California’s Water Resources Control Board has at least 20 ongoing cases against weed farmers.
The Cannabis Enforcement Unit of California’s Water Control Board
Four years ago, California’s Water Control Board launched a new unit. Known as the Cannabis Enforcement Unit, this task force focused on finding illegal marijuana grow sites that could pose risks to local water supplies.
Initially, the unit was only in Northern California. And for good reason. Northern California is legendary for its illegal cannabis grows. In fact, the region around Humboldt County is nicknamed “The Emerald Triangle” as a result of all the weed-growing activity in the area.
After those first four years, the Cannabis Enforcement Unit moved south. More specifically, the agency started operating in Southern California. According to local news sources, the unit started its SoCal operations in 2017.
Today, the unit functions in many of California’s most popular growing spots. And the unit has moved to the front of a growing crackdown on illegal growers.
Cannabis Cultivation and Water
Cannabis cultivation has long been linked to various environmental problems, especially ones related to water. These problems are particularly bad at illegal grow sites.
Many times, growers use a variety of chemicals. These can include fertilizers, pesticides, and insecticides. Often, these additives leach into nearby water supplies. When this happens, it can poison bodies of water, harming fish and animals that downstream.
Similarly, some of the pesticides used by illegal growers are poisonous to animal populations. For example, the Pacific fisher has been particularly harmed by illegal grow sites. Pesticides and other chemicals have killed large numbers of the animal, which is currently endangered.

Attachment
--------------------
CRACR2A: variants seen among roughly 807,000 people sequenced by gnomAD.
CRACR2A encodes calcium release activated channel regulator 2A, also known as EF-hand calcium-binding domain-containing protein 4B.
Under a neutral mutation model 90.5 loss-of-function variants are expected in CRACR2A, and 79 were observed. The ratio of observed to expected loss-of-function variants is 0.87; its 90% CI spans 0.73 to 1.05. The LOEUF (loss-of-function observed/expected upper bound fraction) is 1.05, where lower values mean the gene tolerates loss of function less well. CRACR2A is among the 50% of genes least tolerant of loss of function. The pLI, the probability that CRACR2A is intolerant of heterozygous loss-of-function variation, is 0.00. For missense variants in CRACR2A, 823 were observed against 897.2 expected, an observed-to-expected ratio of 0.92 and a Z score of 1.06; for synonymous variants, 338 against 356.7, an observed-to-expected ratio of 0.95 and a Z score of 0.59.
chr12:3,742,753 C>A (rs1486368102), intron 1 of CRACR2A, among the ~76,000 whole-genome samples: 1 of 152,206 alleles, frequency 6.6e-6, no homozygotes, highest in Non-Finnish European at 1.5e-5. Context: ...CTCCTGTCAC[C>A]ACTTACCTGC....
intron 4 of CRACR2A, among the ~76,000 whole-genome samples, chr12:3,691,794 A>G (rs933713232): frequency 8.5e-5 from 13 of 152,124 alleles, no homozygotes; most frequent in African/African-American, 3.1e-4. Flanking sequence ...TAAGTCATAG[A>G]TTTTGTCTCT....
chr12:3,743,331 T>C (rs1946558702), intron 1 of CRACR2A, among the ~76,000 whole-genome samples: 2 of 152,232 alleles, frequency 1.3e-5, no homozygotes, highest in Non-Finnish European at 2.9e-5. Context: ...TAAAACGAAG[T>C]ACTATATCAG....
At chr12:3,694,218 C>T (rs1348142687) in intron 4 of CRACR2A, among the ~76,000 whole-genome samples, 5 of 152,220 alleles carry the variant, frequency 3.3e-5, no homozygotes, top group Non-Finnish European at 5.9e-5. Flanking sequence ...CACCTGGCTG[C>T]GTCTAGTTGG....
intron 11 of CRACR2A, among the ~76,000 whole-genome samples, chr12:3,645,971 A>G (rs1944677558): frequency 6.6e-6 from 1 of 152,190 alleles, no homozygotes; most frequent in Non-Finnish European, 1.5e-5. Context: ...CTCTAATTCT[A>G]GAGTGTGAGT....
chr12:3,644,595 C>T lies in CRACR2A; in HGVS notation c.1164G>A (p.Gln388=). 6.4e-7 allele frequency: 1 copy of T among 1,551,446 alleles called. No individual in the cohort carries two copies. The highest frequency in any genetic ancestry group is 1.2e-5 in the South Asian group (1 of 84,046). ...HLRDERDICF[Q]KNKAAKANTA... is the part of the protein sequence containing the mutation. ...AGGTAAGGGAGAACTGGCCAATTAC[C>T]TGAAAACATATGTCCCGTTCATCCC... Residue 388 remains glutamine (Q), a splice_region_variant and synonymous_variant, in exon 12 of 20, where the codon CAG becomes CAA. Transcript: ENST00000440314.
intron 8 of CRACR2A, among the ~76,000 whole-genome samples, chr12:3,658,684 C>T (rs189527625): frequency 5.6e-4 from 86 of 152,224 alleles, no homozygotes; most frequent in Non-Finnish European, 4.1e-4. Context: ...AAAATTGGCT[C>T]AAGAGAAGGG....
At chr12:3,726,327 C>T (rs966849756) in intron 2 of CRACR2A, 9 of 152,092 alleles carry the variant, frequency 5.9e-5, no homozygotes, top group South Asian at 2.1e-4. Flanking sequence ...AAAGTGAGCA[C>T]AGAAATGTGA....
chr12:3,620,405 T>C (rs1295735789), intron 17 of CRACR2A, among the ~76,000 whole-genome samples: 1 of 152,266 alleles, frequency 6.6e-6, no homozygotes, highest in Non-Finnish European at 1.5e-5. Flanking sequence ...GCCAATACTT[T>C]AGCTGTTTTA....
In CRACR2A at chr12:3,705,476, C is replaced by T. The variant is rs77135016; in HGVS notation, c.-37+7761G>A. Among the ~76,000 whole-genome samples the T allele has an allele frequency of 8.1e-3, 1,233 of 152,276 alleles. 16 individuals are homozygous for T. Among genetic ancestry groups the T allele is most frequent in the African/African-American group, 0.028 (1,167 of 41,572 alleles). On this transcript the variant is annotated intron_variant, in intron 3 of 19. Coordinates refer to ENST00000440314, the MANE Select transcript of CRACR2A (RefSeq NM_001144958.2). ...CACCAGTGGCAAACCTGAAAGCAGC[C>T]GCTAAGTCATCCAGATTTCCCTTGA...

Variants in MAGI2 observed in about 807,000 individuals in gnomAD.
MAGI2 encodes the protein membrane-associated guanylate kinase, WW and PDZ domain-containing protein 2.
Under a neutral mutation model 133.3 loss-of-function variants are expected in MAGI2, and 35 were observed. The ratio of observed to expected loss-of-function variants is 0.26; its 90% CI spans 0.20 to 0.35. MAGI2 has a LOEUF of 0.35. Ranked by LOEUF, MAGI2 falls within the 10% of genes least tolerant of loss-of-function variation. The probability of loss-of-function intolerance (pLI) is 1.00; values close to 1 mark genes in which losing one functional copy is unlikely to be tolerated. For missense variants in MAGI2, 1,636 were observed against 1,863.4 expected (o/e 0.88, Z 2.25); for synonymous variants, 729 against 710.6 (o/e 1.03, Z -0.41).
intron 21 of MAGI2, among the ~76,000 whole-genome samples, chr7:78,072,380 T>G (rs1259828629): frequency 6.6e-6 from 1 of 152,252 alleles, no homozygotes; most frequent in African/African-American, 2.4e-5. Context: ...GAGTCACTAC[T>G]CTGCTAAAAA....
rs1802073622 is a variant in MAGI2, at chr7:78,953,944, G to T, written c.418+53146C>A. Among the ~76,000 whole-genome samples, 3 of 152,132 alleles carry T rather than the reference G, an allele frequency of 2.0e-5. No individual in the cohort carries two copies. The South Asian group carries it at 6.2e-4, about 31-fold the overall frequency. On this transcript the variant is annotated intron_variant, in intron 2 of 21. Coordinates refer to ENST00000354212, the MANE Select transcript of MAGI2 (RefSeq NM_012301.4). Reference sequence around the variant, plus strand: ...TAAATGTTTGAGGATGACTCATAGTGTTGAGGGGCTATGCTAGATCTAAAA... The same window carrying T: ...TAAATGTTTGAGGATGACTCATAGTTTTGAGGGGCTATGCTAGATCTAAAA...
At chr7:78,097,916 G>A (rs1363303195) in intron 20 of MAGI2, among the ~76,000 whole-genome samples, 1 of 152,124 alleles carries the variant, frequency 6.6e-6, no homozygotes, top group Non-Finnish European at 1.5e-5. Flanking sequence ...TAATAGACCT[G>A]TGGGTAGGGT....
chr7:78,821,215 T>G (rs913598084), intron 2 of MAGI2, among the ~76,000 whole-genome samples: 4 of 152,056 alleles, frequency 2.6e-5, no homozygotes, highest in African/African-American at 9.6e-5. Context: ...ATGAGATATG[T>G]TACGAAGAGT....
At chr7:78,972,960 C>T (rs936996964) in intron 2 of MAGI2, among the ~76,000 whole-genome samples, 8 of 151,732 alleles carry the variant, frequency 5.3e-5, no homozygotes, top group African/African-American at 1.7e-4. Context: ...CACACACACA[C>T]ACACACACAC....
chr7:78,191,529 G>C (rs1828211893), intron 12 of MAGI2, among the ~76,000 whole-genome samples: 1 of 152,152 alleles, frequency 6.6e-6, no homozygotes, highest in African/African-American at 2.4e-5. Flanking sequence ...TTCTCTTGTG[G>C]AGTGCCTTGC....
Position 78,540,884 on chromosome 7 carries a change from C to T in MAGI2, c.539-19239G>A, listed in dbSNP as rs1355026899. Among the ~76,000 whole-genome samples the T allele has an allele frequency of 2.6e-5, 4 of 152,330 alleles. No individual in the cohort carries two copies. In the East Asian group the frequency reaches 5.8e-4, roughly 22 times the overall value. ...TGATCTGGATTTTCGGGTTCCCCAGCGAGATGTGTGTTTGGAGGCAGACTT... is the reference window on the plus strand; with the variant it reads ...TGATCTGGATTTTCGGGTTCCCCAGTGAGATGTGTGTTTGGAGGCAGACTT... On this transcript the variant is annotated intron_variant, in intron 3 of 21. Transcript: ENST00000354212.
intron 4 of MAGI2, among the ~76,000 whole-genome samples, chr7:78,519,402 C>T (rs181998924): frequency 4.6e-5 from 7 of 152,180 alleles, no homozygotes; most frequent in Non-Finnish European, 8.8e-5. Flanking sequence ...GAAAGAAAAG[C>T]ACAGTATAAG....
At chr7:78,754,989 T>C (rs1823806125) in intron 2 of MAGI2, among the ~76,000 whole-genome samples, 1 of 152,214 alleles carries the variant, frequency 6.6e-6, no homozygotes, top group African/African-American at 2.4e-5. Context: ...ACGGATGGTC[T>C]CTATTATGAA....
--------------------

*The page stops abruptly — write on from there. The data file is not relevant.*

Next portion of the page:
Further, some illegal growers divert rivers, streams, or other waterways in order to water their plants. This can disrupt local ecologies. More broadly, it can also disrupt regional water agreements among farmers and other water users.
There are other ecological concerns associated with marijuana growers. This is especially true when it comes to issues having to do with water. And all of these concerns are exacerbated in California since many parts of the state regularly deal with drought conditions.
Weed Farmers Are Being Held To Higher Standards
The state of California has recognized all these potential problems. In fact, this was the main impetus for creating the Water Control Board Cannabis Enforcement Unit.
Further, water laws remain one of the few ways that law enforcement can tag illegal growers with a felony. Since weed became legal, many cannabis laws have been loosened. In many cases, this also includes a more lax approach to enforcing rules about cannabis cultivation.
But illegal growing poses such a threat to water that growers can still be charged with felonies that have to do with environmental damage. At this point, it’s not so much the actual weed growing that will get people in trouble. In many cases, illegal growers are more likely to be charged with a water-related environmental damage crime.